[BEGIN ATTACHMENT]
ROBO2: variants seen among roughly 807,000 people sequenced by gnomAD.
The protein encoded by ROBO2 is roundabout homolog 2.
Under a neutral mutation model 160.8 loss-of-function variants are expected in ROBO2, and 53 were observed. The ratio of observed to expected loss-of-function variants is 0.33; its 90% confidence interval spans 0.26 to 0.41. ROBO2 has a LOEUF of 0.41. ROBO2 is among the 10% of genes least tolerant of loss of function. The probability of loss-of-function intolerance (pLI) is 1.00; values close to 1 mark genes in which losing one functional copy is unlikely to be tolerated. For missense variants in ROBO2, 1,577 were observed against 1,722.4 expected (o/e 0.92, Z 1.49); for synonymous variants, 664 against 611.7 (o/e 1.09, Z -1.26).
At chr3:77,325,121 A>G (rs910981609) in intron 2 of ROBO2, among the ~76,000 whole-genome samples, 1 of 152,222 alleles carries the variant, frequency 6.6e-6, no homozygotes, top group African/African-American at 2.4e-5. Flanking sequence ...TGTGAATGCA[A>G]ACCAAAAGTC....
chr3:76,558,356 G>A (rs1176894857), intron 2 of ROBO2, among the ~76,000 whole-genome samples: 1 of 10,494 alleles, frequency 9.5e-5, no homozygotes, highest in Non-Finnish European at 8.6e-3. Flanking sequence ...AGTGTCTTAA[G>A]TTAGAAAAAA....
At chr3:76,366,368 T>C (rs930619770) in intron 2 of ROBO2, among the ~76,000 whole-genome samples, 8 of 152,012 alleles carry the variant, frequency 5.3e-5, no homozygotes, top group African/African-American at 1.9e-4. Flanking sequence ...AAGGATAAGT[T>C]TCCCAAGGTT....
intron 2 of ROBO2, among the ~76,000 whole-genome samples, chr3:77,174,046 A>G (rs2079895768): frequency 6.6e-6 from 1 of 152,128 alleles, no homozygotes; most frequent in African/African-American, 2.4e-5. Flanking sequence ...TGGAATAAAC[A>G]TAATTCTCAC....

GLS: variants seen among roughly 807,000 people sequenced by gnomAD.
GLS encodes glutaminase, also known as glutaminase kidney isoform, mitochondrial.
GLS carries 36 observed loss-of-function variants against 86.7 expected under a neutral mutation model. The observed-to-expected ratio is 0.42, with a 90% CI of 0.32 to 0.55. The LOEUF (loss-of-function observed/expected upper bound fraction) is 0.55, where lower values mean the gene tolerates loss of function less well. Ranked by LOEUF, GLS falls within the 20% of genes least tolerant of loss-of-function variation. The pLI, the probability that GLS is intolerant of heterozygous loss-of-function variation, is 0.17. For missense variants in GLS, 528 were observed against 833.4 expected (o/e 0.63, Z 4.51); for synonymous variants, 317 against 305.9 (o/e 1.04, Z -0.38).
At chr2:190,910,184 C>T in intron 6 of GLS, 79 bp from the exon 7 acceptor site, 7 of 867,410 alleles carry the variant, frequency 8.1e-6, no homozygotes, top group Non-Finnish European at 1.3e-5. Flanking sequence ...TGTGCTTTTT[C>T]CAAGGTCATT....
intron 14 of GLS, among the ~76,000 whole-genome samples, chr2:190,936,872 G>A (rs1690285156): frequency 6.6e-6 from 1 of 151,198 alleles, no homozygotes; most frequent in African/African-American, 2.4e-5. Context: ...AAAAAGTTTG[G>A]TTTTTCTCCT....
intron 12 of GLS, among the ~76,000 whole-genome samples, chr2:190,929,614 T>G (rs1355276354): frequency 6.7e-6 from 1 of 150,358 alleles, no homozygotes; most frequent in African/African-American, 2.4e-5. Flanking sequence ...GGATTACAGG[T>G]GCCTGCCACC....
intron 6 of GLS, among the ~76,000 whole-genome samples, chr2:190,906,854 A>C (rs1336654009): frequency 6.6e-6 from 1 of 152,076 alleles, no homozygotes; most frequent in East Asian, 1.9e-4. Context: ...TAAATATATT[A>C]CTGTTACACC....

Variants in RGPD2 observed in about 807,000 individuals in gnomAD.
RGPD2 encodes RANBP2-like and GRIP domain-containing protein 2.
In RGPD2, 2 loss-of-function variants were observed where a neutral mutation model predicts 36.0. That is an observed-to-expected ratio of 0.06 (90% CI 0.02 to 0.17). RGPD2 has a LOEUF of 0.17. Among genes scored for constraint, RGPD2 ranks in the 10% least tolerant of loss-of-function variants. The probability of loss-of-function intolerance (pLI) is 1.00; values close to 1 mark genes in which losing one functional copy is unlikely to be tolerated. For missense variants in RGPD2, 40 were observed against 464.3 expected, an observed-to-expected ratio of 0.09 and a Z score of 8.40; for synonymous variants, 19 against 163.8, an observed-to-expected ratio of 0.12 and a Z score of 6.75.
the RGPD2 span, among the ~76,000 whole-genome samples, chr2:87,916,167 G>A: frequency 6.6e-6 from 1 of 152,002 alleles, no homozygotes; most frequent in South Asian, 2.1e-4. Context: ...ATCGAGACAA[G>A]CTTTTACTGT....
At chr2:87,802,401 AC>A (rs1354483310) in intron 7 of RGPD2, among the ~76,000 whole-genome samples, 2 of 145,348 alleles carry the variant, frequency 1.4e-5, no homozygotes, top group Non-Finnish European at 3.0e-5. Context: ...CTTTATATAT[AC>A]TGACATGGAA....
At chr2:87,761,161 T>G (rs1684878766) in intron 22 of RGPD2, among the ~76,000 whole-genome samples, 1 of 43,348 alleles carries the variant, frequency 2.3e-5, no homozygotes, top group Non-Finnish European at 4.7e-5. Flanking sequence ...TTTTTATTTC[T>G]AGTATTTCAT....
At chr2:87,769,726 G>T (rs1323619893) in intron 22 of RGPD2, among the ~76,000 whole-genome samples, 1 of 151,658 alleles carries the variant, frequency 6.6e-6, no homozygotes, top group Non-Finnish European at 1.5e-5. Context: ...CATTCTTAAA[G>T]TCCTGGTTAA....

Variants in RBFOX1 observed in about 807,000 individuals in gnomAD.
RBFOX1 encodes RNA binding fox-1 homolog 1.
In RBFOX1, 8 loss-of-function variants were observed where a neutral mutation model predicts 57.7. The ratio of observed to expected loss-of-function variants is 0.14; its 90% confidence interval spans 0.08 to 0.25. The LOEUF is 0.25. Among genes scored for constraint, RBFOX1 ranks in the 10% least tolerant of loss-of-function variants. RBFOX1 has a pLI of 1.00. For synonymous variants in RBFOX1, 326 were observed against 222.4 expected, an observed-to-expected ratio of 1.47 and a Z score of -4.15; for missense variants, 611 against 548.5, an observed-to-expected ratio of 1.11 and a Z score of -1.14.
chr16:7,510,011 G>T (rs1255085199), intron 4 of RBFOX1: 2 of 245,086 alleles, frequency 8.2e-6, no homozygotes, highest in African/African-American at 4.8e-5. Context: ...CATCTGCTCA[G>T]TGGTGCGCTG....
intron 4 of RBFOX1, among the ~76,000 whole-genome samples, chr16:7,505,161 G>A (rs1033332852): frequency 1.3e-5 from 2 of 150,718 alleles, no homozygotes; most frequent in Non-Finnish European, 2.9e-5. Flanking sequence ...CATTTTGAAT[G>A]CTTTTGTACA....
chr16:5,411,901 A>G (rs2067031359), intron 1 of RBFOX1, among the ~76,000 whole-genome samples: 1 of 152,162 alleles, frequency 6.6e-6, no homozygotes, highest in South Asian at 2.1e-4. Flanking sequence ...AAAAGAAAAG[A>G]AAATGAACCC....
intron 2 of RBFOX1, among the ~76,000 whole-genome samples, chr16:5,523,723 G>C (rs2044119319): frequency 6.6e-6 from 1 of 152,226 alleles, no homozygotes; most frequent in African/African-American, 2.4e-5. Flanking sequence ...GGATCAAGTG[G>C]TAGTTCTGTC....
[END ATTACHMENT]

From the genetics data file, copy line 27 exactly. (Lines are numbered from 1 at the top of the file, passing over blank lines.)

chr16:5,411,901 A>G (rs2067031359), intron 1 of RBFOX1, among the ~76,000 whole-genome samples: 1 of 152,162 alleles, frequency 6.6e-6, no homozygotes, highest in South Asian at 2.1e-4. Flanking sequence ...AAAAGAAAAG[A>G]AAATGAACCC....